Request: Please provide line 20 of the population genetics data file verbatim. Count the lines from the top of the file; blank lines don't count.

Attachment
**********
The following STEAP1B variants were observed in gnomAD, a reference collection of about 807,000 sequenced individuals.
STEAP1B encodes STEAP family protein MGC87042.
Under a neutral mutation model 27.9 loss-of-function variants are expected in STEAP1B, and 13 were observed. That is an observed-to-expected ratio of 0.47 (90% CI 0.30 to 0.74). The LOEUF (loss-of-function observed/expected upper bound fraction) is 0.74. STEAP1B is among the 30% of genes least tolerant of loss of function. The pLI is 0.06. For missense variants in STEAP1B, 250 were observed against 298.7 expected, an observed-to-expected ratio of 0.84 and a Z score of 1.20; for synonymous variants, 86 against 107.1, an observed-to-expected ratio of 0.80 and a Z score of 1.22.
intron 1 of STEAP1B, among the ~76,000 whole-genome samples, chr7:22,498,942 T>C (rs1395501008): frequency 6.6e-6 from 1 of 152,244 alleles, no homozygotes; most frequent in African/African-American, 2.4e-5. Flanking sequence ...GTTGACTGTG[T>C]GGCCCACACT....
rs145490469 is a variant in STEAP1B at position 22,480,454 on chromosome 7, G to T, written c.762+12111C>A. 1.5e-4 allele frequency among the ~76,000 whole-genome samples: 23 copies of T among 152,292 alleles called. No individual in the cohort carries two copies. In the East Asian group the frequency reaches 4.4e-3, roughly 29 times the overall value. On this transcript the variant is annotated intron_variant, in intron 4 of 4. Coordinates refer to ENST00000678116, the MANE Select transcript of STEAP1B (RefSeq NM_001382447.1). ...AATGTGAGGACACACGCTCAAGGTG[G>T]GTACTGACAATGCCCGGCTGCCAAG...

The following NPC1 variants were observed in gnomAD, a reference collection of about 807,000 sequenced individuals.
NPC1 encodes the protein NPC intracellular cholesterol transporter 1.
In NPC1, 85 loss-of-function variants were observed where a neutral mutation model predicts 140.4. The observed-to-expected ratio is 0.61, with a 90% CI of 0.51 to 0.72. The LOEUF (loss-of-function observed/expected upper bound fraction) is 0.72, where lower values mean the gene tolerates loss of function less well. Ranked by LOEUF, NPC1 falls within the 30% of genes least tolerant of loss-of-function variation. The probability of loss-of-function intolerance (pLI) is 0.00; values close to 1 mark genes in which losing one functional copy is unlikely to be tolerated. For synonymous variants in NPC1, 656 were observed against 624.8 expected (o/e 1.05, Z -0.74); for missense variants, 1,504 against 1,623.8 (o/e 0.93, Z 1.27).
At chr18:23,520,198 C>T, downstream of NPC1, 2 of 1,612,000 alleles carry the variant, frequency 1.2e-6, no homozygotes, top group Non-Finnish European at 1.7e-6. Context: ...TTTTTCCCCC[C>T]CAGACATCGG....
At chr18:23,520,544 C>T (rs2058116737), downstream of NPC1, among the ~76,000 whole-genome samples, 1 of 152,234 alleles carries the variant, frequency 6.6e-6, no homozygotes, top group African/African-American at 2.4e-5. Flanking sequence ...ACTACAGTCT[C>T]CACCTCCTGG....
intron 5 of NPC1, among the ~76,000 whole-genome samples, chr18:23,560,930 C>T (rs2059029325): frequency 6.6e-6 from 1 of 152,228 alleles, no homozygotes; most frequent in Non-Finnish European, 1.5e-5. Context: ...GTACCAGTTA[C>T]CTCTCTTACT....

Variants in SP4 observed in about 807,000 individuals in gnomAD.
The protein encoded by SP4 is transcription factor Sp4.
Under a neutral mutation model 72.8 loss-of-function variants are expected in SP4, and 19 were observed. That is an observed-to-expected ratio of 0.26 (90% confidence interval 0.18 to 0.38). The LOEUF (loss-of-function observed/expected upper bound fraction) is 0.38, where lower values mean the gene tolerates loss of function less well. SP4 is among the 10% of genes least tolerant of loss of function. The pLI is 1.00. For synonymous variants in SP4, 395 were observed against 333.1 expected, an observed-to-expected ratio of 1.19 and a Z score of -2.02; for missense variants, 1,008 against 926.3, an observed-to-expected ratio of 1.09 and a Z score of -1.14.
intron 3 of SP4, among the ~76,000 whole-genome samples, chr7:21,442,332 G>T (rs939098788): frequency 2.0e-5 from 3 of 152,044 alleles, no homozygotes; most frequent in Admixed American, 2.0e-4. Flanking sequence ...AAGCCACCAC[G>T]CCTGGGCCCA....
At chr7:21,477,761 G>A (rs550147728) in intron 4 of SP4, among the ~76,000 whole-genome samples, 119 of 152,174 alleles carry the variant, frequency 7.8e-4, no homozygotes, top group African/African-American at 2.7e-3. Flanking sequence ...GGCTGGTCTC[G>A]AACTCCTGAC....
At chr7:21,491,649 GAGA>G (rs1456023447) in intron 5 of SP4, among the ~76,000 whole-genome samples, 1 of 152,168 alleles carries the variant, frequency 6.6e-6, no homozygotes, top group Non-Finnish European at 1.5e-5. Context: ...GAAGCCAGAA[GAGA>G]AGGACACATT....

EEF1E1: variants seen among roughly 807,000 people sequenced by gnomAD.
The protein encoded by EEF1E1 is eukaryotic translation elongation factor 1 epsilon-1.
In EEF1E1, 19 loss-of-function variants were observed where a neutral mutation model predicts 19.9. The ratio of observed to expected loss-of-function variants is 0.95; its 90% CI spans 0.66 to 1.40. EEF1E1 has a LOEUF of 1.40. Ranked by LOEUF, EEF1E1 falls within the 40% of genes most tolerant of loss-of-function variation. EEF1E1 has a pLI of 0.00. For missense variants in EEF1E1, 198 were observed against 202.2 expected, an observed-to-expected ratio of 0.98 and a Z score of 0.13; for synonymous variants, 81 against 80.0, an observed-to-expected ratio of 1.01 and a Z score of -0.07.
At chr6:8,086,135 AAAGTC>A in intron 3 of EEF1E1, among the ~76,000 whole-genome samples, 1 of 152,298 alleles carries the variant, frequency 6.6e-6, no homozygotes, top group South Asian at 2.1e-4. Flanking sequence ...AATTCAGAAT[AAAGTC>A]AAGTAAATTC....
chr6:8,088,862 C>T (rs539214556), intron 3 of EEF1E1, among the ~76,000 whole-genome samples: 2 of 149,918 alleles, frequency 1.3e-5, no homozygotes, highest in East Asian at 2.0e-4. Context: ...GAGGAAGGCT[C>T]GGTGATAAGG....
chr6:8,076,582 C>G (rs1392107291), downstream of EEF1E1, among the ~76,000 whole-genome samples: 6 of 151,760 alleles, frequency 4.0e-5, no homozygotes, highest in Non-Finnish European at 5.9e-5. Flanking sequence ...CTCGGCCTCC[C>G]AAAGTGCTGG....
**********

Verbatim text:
In EEF1E1, 19 loss-of-function variants were observed where a neutral mutation model predicts 19.9. The ratio of observed to expected loss-of-function variants is 0.95; its 90% CI spans 0.66 to 1.40. EEF1E1 has a LOEUF of 1.40. Ranked by LOEUF, EEF1E1 falls within the 40% of genes most tolerant of loss-of-function variation. EEF1E1 has a pLI of 0.00. For missense variants in EEF1E1, 198 were observed against 202.2 expected, an observed-to-expected ratio of 0.98 and a Z score of 0.13; for synonymous variants, 81 against 80.0, an observed-to-expected ratio of 1.01 and a Z score of -0.07.